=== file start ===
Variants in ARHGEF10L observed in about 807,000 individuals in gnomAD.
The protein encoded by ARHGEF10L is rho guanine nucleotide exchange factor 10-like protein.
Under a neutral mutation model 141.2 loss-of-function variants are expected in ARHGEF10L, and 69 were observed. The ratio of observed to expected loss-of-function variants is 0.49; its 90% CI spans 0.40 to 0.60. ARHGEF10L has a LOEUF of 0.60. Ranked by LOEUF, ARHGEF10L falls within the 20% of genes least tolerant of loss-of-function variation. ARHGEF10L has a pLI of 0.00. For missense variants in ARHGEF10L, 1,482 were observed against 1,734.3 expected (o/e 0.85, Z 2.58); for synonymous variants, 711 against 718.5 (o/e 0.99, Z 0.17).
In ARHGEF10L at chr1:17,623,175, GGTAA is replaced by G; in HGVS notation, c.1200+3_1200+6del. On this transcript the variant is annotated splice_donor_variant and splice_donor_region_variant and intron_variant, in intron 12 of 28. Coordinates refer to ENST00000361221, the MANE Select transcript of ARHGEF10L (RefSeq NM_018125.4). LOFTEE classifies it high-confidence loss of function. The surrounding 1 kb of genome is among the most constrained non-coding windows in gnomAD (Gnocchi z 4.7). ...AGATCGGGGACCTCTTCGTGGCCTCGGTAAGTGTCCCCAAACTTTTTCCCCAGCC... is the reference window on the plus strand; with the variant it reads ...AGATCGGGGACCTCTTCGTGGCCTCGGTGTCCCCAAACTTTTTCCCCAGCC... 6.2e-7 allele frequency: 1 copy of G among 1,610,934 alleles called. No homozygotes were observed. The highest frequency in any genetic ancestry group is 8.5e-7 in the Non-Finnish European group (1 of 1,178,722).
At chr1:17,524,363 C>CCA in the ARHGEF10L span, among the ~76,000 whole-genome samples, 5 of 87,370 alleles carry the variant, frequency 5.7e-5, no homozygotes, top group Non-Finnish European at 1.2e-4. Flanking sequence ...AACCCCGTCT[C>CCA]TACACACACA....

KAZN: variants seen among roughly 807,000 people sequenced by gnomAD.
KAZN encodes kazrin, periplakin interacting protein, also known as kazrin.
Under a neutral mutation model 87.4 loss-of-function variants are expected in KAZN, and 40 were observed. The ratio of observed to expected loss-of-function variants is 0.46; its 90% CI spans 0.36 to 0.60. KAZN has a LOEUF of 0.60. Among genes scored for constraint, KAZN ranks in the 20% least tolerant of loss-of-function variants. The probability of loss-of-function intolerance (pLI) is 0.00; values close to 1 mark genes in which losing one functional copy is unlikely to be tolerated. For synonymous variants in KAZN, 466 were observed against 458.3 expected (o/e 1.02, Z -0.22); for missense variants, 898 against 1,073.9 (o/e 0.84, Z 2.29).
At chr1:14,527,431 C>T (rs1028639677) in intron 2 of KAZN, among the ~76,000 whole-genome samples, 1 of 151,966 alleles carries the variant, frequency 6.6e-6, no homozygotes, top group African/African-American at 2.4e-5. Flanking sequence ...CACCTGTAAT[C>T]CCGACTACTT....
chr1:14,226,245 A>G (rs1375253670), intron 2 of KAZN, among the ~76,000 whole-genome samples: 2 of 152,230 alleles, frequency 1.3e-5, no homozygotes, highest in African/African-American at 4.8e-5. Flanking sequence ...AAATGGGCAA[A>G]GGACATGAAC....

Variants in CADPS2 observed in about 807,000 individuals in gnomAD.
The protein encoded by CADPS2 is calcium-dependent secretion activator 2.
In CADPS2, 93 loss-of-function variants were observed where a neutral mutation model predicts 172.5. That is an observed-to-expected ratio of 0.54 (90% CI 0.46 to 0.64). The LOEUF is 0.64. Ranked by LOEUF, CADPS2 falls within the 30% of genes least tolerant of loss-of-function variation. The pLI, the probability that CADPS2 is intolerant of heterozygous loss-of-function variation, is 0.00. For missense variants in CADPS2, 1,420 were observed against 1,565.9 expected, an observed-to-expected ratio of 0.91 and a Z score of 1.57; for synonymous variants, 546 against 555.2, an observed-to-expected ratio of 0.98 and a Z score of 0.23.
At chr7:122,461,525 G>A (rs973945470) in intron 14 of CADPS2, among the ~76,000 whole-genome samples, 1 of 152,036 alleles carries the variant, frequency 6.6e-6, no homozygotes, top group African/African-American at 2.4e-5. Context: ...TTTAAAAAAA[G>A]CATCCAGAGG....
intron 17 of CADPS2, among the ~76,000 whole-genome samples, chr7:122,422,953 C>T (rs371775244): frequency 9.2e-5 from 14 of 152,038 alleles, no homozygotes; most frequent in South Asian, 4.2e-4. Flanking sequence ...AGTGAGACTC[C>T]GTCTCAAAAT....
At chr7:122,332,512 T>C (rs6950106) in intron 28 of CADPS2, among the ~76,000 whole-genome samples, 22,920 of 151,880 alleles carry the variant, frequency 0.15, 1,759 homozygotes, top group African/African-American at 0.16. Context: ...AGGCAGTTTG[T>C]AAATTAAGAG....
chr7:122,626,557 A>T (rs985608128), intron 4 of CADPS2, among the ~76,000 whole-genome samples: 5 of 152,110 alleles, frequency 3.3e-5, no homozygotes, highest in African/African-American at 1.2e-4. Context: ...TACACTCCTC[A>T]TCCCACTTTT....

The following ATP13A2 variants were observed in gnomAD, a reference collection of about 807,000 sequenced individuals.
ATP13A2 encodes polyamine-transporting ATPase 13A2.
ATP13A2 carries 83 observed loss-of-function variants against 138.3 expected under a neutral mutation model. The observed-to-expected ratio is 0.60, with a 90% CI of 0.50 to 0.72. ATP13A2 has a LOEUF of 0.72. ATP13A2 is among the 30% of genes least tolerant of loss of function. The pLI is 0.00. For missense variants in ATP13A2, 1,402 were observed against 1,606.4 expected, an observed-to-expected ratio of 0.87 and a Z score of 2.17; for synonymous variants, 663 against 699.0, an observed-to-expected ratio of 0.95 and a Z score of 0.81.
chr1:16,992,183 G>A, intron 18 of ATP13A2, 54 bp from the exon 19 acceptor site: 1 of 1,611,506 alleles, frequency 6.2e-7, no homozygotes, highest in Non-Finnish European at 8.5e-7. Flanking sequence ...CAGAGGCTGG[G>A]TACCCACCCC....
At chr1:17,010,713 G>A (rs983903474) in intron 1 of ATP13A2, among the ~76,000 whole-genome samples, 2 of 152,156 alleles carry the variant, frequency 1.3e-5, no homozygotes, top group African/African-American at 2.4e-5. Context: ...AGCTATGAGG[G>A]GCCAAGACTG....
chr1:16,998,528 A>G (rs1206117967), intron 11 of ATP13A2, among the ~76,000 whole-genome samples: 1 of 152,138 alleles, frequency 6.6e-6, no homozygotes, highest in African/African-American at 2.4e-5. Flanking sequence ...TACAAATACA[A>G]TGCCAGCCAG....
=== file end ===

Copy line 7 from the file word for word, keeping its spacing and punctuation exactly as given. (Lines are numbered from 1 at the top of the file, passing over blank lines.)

KAZN encodes kazrin, periplakin interacting protein, also known as kazrin.